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747 Freighter Air Charter to Hawaii

When it comes to providing air cargo capabilities, there is no aircraft in the world that compares with the Boeing 747 series of freighters. All three 747-400F, 747-400ERF and 747-8F freighter models in service today, are unmatched in carrying capacity, cargo handling, global reach, speed and versatility.


An aviation icon born in 1968, the 747 is instantly recognizable by its large upper deck “hump”, four engines and six-story high vertical stabilizer. While the 747-400F is just one of the many types of aircraft utilized by AirFreight.com to move your time-sensitive freight where you need it most, it is undoubtedly one of the biggest. Today, approximately 300 747 freighters in service carry nearly half of all global air cargo, and despite ending production in 2023, will continue flying freight for the next 40 to 50 years before being retired. Why so long? Let’s look at the capabilities that make the “Queen of the Skies” true aviation royalty and why it will be hauling air freight for many years to come.




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The 747-8 Freighter was designed with a 975,000 pound maximum take-off weight with a payload capability of 140 tons and a range of 4,390 nautical miles. Four extra pallet spaces were created on the main deck, with either two extra containers and two extra pallets, or three extra pallets, on the lower deck. The 747-8F has a 16 percent lower ton-per-mile operating cost than the 747-400F and offers a slightly increased range.

Powered cargo handling

One of the key capabilities of the 747-400F is its exceptional powered cargo handling system. Power-drive units, which are motorized wheels built into the cargo deck, efficiently move containers called unit load devices (ULDs) into and out of the airplane. This powered cargo handling system enables just two people using a control panel and joysticks to load 121 tons of containerized or palletized cargo in only 30 minutes. Floor locks then hold the ULDs and pallets to the floor to ensure that cargo does not shift in flight. A loaded ULD can weigh thousands of pounds and that much weight shifting during takeoff, landing, or in turbulence can be catastrophic. Load crews make sure the floor locks are securely engaged on all ULDs prior to the airplane’s departure.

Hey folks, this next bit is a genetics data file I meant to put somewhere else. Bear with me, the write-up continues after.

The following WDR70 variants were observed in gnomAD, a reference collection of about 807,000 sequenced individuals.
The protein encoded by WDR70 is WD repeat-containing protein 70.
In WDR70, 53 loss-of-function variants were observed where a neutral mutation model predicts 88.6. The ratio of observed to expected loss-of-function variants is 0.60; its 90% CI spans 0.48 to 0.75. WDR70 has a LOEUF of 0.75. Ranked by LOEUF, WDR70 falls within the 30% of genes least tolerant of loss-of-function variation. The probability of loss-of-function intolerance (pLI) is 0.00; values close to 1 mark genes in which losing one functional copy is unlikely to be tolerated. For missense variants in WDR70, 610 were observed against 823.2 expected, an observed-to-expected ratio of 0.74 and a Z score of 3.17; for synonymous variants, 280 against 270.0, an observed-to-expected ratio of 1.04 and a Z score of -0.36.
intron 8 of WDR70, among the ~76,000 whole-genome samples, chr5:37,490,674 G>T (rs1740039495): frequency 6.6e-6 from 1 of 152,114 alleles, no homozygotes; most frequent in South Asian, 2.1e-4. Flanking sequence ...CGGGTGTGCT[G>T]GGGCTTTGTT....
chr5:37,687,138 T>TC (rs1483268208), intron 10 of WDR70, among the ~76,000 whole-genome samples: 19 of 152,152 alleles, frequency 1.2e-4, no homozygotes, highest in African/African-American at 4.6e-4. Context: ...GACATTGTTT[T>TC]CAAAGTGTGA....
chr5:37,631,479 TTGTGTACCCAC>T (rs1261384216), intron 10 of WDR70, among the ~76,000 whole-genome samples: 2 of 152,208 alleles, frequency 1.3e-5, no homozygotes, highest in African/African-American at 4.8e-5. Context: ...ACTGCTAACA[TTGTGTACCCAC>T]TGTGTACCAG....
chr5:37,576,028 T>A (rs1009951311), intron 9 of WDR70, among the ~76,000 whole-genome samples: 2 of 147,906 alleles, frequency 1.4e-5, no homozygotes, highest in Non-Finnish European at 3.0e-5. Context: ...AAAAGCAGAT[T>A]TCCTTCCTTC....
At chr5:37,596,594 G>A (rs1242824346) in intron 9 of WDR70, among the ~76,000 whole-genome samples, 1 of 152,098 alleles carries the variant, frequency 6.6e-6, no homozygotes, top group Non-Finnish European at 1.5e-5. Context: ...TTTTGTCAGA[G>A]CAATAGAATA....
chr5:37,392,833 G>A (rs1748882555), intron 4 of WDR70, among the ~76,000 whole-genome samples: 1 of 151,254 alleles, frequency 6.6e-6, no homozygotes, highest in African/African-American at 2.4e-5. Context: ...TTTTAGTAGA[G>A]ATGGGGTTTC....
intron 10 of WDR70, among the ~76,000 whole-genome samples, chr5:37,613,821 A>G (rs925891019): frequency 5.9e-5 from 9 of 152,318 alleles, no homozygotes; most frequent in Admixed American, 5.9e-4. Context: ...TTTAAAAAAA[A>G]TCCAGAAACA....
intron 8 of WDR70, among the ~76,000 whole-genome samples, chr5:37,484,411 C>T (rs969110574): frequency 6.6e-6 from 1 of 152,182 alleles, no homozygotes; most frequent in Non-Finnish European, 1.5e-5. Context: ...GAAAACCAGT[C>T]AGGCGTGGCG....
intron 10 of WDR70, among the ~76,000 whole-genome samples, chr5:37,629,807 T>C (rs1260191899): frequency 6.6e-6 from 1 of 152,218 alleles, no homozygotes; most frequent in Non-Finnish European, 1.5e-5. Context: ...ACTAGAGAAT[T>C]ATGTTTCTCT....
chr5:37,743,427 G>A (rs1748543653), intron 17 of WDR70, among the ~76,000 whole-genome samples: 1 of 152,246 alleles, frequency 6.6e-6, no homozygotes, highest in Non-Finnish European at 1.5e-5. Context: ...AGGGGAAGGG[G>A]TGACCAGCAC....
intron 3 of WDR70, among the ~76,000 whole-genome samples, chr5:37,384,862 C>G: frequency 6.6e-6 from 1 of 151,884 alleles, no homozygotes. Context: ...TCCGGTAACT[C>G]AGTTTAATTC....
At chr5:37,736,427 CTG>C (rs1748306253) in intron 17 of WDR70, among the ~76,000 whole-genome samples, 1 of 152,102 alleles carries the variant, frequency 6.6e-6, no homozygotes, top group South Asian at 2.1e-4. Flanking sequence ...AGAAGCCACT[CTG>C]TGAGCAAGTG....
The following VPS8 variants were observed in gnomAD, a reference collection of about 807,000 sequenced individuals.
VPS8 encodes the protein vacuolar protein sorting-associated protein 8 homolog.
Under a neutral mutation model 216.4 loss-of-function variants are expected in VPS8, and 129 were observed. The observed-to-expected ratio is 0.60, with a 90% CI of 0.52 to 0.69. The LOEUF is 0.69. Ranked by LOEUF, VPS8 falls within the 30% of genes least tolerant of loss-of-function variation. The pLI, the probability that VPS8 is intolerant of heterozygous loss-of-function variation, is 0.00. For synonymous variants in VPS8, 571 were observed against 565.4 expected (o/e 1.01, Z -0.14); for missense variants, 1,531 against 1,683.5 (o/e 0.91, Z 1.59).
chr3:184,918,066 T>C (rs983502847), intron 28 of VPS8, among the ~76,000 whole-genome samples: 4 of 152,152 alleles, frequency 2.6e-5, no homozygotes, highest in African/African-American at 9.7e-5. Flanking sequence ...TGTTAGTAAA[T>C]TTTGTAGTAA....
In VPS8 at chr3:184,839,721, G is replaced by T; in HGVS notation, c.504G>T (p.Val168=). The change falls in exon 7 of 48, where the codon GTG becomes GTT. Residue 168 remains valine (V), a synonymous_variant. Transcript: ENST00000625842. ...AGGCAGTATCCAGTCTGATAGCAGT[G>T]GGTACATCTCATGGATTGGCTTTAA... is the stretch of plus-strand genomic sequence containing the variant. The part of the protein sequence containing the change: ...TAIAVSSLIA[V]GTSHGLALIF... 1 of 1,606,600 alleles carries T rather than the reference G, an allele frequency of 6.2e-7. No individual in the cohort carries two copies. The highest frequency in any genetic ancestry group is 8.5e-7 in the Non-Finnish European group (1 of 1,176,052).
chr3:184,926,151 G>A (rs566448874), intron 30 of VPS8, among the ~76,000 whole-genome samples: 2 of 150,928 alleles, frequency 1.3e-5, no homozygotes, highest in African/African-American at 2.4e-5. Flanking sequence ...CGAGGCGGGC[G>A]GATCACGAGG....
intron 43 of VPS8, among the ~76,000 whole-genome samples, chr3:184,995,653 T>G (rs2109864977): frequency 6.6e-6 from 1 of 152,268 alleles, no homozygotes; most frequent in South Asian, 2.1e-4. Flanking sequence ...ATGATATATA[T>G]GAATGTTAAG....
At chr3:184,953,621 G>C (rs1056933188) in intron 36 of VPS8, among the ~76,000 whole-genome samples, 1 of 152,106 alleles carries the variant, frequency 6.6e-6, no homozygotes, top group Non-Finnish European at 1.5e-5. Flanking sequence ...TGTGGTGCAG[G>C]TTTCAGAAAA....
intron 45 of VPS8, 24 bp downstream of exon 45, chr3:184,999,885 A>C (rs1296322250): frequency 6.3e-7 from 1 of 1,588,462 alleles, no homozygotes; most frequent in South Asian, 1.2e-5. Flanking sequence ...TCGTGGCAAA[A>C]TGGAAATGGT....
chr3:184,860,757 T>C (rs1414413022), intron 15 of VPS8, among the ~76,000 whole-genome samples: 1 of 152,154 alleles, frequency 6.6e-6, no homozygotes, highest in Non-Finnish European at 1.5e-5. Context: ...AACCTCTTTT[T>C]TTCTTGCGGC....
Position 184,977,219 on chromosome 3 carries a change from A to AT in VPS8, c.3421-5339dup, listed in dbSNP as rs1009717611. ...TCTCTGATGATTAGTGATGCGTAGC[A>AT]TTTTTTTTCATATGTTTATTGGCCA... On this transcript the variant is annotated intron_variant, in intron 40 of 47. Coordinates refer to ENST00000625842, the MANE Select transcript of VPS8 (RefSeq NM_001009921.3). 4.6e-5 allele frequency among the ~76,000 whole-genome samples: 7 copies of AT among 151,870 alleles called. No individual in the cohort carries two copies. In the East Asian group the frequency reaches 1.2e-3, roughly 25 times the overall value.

From factory to flight line to final destination

Although the 747-400F’s capabilities are exceptional, unless you are shipping large volumes of freight, you might be thinking, “When would I ever need a plane that big?” A recent AirFreight.com customer found that out when faced with a critical equipment failure at a green power storage facility in Hawaii. This specific facility houses several banks of large storage batteries that are charged by solar and wind power when those sources are generating power. Those batteries then feed electricity back into the power grid when solar and wind are not available, keeping the lights on in the communities it serves. Unfortunately, the battery farm blew a major transformer and two new parts were needed in order to get the facility back online. The parts manufacturer was located more than 4,000 miles away in the north central U.S. This is where the speed and capabilities of an exclusive air charter from AirFreight.com – and the Boeing 747-400F – demonstrated their critical value in getting the job done.


Experienced expeditors

The customer contacted AirFreight.com, where they worked with one experienced expeditor through the entire process and who provided them with multiple shipping options. Due to the urgency of getting the power facility back online and the extreme shipping range, an exclusive air charter was necessary. The only aircraft with the ability to make a direct, non-stop flight, and had a cargo door large enough to fit the new equipment was a Boeing 747-400F freighter. AirFreight.com not only arranged for the freighter aircraft, but also had a dedicated truck at the factory ready to receive the equipment as soon as it was finished being built and crated for shipment. The truck immediately headed to the airport, where the equipment was loaded onto an exclusively chartered 747-400F as the only pieces of equipment aboard. The rest of the massive freighter was entirely empty. After a nearly nine-hour flight, the freighter landed in Honolulu, where another dedicated truck arranged by AirFreight.com, sat waiting on the flight line. After transferring the equipment from the 747-400F to the truck, it departed for the jobsite where it was rapidly unloaded and installed at the green power storage facility, bringing it back online and able to serve the surrounding communities that depended on it.

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